The next morning, "I woke up knowing I would never be a child again," she said.
Pedretti said her parents did not let her talk about that night, which forced her "to live my life like the rape never happened."
She said she struggled for 41 years with extreme panic attacks, failed relationships, unhealthy coping mechanisms, few friends and frequent job changes.
"Though I have found my way to a happy and safe life," she said, "DeAngelo deserves his sentence of life without parole in the most dark and lonely containment."
"Your secrets have been exposed. Your double life is over. The world, and I mean the entire world, knows who you are and what you did," Pedretti said. "You will forever be known as a repulsive coward who hid behind a mask of evil. The devil can keep you company in your prison cell, as he gnaws away at whatever soul you have left.”
Pedretti said she thinks the victim impact statements should be his only reading materials in his prison cell.
'She was a survivor'
Debbie Strauss Popado, who was raped on Oct. 29, 1977, died from cancer in 2016. Her daughter, aunt sister and mother spoke on her behalf in court Tuesday.
After her attack, Popado would get phone calls with "heavy breathing and evil threats," said her sister, Sandy James.
"My sister Debbie was never the same" and the rape "chipped away at her soul and her happiness," James said. She "lived with constant fear, always wondering, 'Was he living near by?'"
She had bouts of depression and was terrified of being home alone, her daughter said.
"You took the sister I knew from me that night," James said, overcome with emotion. "I have also been broken through this nightmare."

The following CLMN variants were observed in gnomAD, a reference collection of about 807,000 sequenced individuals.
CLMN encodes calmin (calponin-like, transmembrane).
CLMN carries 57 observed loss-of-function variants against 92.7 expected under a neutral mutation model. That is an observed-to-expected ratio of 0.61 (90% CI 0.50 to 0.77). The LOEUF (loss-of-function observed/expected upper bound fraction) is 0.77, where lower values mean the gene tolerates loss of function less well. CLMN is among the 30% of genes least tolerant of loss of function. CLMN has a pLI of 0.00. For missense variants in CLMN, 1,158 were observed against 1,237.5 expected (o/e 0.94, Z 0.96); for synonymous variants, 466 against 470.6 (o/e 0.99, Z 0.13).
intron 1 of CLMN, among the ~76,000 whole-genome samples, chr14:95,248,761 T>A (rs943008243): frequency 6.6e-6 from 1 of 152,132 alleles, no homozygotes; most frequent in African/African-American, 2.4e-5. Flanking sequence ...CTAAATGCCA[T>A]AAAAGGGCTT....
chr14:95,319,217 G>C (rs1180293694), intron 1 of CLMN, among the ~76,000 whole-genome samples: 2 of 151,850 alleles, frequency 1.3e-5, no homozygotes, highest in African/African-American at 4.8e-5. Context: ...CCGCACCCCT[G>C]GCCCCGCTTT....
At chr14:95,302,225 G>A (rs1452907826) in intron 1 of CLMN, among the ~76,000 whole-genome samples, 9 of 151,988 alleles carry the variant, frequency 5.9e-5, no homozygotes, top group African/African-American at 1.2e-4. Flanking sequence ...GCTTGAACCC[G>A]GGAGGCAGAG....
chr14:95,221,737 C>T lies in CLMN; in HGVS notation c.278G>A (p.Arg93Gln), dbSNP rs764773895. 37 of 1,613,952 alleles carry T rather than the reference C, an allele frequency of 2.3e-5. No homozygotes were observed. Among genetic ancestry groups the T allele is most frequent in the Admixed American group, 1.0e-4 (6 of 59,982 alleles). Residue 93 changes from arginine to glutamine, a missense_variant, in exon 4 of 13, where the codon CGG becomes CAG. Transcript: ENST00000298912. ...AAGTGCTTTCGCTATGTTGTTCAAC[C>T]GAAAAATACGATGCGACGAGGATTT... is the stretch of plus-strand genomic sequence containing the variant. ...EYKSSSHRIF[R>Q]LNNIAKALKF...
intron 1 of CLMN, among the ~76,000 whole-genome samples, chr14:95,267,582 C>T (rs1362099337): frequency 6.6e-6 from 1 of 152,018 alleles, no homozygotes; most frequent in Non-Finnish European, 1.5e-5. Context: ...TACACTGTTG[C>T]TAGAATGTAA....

"After many decades of suffering, witnessing his capture, meeting so many other victims and survivors, would have been incredibly healing for Debbie," James said.
The arrest "brought about much pain and emotion as if it were happening all over again," James said. "I've begun a whole new cycle of grieving for my sister."
"Today is a day of celebration and a day of healing," her mother added. "Although my daughter passed away in 2016, she was a survivor."
DeAngelo, now 74 years old, was accused of committing 13 murders as well as multiple rapes and burglaries in the 1970s and 80s, terrorizing communities from Northern to Southern California.
The "Golden State Killer" crimes went unsolved until April 2018, when DeAngelo was arrested in Sacramento County.
DeAngelo became the first public arrest obtained through genetic genealogy, a new technique that takes the DNA of an unknown suspect left behind at a crime scene and identifies him or her by tracing a family tree through his or her family members, who voluntarily submit their DNA to public genealogy databases. This allows police to create a much larger family tree than using law enforcement databases.
To identify DeAngelo, investigators narrowed the family tree search based on age, location and other characteristics.
Authorities conducted surveillance on DeAngelo and collected his DNA from a tissue left in a trash. Investigators plugged his discarded DNA back into the genealogy database and found a match, linking DeAngelo's DNA to the DNA found at multiple crime scenes, prosecutors said.
Since DeAngelo's arrest, over 150 other crime suspects have been identified through genetic genealogy.
ABC News' Jenna Harrison contributed to this report.